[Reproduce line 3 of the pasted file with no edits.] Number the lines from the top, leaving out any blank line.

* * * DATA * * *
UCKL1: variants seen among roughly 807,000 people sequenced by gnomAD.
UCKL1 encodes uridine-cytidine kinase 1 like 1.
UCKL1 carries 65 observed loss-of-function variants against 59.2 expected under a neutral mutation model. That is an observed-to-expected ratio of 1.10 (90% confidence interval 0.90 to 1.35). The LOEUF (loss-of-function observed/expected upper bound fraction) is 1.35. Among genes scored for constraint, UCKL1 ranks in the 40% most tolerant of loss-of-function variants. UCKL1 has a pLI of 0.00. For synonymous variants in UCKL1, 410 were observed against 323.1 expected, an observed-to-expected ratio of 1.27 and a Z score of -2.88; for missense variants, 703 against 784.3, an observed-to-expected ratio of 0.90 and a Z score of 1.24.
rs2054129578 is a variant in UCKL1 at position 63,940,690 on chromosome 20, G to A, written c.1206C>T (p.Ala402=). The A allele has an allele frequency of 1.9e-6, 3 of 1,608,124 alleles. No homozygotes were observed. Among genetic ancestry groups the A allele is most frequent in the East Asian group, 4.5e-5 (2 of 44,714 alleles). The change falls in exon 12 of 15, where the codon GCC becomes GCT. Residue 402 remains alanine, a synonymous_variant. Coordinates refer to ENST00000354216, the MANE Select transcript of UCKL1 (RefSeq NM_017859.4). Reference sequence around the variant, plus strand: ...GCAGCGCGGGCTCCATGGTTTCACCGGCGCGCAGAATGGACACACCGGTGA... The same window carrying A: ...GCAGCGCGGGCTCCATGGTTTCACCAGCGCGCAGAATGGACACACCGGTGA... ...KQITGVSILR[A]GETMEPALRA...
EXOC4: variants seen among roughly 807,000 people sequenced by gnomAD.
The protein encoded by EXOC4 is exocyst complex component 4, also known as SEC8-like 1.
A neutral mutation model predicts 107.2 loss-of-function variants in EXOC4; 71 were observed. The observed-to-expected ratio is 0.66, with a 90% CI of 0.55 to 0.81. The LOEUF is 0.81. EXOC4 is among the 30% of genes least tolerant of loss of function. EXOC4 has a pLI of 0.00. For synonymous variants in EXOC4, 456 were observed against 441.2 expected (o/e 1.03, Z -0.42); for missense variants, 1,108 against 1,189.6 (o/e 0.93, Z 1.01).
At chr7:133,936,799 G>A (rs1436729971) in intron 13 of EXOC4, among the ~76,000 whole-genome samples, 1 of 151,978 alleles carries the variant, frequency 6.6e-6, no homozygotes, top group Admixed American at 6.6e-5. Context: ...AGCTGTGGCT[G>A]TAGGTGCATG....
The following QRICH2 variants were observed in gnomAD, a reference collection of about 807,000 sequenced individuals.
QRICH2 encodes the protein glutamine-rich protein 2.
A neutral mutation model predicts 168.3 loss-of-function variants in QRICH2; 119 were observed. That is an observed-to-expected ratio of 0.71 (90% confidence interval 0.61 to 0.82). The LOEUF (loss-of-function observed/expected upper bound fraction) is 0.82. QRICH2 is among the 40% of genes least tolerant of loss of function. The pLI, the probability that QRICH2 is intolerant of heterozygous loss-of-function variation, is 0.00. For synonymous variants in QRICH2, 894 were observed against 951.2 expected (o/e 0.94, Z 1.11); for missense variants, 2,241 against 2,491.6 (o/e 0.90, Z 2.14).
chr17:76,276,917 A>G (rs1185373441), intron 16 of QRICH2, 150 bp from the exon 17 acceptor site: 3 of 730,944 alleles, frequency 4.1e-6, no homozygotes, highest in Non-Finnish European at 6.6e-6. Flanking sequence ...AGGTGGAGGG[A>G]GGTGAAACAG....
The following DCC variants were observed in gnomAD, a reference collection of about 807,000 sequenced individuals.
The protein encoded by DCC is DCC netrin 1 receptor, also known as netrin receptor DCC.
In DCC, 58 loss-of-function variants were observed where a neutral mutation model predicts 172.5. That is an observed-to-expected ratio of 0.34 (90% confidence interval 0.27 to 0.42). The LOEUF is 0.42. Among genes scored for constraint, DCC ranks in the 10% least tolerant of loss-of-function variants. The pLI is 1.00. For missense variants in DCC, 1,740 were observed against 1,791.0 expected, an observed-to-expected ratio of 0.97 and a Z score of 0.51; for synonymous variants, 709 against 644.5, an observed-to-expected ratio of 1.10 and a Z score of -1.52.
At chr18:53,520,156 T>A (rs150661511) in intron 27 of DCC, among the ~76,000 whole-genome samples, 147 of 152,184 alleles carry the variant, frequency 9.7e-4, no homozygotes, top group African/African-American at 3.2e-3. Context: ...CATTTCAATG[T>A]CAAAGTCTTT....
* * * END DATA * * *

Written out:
UCKL1 carries 65 observed loss-of-function variants against 59.2 expected under a neutral mutation model. That is an observed-to-expected ratio of 1.10 (90% confidence interval 0.90 to 1.35). The LOEUF (loss-of-function observed/expected upper bound fraction) is 1.35. Among genes scored for constraint, UCKL1 ranks in the 40% most tolerant of loss-of-function variants. UCKL1 has a pLI of 0.00. For synonymous variants in UCKL1, 410 were observed against 323.1 expected, an observed-to-expected ratio of 1.27 and a Z score of -2.88; for missense variants, 703 against 784.3, an observed-to-expected ratio of 0.90 and a Z score of 1.24.